Teaching Plant Health Care On-Line

Paul D. Bell

Sir Sandford Fleming College

Click here to return to the schedule of papers


The Internet first appealed to my students and me as an innovative research tool for entomology. Throughout the early 1990's we explored gopher sites and completed veronica searches on a wide variety of entomological subjects. This text only connection, with such sites as, the Universities of Colorado and Minnesota (examples of early adopters) gave us instant access to current and often obscure documents, on such topics as, insect biological diversity or pest identification. As these electronic papers were not available locally or conveniently through our library, the Internet provided fast, efficient and impressive results. We were able to add significantly to our knowledge base.

It was already apparent in the mid-1990's that web-sites with useful content would be attractive to more users. Many web-sites were (and in several cases, still are) aesthetically pleasing but content poor or the reverse. Purely out of a selfish motivation to organise and update my entomology notes, I taught myself html and began assembling an interactive, multimedia enhanced Forest Entomology, web-based course. I began accepting my first remote e-students.

Currently, the courses that I offer through the Sir Sandford Fleming College's web server are:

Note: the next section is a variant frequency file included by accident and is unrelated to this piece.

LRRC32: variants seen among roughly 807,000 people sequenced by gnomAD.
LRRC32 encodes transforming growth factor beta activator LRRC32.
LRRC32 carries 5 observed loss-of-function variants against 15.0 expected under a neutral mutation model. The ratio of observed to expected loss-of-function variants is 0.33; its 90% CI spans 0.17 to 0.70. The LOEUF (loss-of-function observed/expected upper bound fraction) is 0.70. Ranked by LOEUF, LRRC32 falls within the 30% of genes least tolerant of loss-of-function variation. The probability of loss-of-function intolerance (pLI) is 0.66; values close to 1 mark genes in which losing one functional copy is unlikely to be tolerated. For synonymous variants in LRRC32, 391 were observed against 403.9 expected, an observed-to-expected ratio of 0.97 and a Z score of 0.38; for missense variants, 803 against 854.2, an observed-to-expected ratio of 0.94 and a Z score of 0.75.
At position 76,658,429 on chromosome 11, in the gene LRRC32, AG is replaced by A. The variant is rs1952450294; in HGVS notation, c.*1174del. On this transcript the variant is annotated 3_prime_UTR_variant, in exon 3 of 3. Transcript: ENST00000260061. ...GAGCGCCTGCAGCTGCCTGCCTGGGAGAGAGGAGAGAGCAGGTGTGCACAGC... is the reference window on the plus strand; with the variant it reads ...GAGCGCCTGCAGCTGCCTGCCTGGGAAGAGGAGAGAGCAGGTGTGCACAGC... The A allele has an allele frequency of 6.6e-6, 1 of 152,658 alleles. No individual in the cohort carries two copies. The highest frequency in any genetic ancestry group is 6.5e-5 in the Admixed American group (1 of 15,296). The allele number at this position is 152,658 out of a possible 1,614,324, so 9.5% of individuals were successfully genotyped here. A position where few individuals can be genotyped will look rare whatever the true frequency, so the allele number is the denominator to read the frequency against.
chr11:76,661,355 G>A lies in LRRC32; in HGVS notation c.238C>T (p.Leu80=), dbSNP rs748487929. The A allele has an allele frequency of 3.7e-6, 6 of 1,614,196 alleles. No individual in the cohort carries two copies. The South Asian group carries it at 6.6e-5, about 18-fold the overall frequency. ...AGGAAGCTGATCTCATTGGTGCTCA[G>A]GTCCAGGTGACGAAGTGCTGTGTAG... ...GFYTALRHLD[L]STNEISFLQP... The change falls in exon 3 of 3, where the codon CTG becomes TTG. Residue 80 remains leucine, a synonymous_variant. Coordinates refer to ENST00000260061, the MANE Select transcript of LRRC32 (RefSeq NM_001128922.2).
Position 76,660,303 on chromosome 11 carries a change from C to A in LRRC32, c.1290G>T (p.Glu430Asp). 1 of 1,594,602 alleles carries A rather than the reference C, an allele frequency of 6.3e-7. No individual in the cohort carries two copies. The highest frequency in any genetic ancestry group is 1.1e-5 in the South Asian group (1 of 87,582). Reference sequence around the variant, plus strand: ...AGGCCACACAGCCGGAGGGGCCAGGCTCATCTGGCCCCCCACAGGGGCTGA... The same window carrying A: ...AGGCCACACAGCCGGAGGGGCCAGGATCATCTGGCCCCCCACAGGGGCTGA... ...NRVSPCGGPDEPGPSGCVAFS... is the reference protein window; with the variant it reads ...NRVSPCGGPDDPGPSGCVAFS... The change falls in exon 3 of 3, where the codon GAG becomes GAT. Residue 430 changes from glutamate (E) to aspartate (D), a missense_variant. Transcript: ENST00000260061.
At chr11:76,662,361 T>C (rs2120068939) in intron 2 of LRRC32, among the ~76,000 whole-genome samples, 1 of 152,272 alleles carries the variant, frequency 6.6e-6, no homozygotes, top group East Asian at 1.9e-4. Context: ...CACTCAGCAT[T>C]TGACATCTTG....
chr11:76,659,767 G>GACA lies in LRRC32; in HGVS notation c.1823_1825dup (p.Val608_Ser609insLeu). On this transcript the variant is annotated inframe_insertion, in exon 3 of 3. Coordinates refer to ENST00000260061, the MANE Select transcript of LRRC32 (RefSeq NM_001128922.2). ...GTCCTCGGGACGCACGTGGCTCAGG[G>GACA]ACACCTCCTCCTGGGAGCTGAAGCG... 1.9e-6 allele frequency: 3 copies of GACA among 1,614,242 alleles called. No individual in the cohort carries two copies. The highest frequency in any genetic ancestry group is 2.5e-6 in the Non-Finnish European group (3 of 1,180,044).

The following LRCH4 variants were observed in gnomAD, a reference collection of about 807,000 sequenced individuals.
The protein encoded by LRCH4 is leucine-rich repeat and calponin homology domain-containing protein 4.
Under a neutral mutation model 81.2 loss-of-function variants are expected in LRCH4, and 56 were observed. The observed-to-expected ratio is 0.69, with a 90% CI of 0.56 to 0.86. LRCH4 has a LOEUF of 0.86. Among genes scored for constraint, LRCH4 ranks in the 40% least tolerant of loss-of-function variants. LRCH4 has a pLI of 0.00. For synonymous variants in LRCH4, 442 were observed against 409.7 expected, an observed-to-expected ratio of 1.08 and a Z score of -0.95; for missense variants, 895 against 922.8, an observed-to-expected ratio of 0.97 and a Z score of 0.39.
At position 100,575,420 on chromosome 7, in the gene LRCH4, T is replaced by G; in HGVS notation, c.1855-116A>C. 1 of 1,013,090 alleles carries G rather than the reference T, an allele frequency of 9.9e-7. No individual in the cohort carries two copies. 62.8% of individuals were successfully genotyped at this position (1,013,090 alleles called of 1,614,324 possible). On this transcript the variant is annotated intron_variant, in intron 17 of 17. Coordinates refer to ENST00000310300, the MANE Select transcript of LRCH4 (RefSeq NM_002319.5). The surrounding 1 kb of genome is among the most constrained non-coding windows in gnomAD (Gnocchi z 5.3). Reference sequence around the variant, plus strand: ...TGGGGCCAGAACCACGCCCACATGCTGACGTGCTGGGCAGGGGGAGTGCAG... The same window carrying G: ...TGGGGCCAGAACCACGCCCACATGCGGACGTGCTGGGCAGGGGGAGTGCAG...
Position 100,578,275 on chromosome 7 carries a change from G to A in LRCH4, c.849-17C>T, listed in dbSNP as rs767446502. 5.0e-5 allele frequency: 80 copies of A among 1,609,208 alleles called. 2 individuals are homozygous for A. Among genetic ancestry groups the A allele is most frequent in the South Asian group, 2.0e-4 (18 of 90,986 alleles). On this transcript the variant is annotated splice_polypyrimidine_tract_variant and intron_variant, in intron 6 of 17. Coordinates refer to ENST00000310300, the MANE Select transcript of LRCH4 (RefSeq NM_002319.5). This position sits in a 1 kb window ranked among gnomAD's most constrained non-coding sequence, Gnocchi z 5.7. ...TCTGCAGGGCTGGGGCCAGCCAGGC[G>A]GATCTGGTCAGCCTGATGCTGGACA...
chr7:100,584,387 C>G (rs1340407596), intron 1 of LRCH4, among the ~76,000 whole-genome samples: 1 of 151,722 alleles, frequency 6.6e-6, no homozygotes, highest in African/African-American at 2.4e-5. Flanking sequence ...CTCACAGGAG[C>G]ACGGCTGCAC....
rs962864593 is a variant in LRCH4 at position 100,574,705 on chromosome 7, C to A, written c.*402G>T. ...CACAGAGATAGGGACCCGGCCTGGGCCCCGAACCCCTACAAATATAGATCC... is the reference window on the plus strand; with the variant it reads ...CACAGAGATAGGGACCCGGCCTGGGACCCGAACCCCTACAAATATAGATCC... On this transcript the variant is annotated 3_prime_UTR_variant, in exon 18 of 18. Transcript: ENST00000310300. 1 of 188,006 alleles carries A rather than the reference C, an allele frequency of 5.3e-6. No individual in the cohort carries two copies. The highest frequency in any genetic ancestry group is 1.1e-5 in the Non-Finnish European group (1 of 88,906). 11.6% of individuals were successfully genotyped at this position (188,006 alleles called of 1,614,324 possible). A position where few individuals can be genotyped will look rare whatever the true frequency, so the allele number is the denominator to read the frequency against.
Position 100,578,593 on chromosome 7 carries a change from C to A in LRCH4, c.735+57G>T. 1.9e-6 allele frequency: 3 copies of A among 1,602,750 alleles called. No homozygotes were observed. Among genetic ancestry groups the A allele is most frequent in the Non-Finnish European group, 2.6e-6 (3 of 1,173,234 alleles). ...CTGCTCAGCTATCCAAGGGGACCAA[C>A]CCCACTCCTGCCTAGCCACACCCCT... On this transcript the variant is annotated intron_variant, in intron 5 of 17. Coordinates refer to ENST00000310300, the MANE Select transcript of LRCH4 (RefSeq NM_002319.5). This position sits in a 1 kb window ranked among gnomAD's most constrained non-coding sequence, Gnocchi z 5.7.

These accredited courses are available in classrooms or on-line to any body from anywhere at any time via the Internet. All courses are complete with illustrated lecture notes, some with sound files and video. All the assignments and evaluations are interactive and 'live' on the web. Every project can be completed via e-mail, in a totally paperless manner. You can even register on-line. (Please see and 'click' Figure 1)

Figure 1. The 'Welcome' web-page for Paul D. Bell's on-line courses.


Results and Discussion

I have been fortunate to have taught these courses in the classroom and on-line at a few colleges and universities. Technical features and advantages of on-line art instruction, that I have experienced these last few years include:

  • hundreds of pages of lectures are illustrated with actual techniques, much like an electronic textbook or laboratory manual
  • lectures and assignments are electronically ‘linked’ to web-sites that contain additional information and current research topics or advanced techniques for students
  • students may access the course content in any order that suits their individual learning styles or for that matter their individual schedule
  • one on one, personalized instruction and consultation with students either in-person, by toll free phone (1 800 319-9969) or electronically using e-mail pbell@flemingc.on.ca or chat
  • students are able to interact with a much wider base of art and natural resource science students from around the world in our 'virtual classroom'
  • working in a paper-less environment, which is especially relevant at a School of Natural Resources, all art work is scanned and sent as file attachments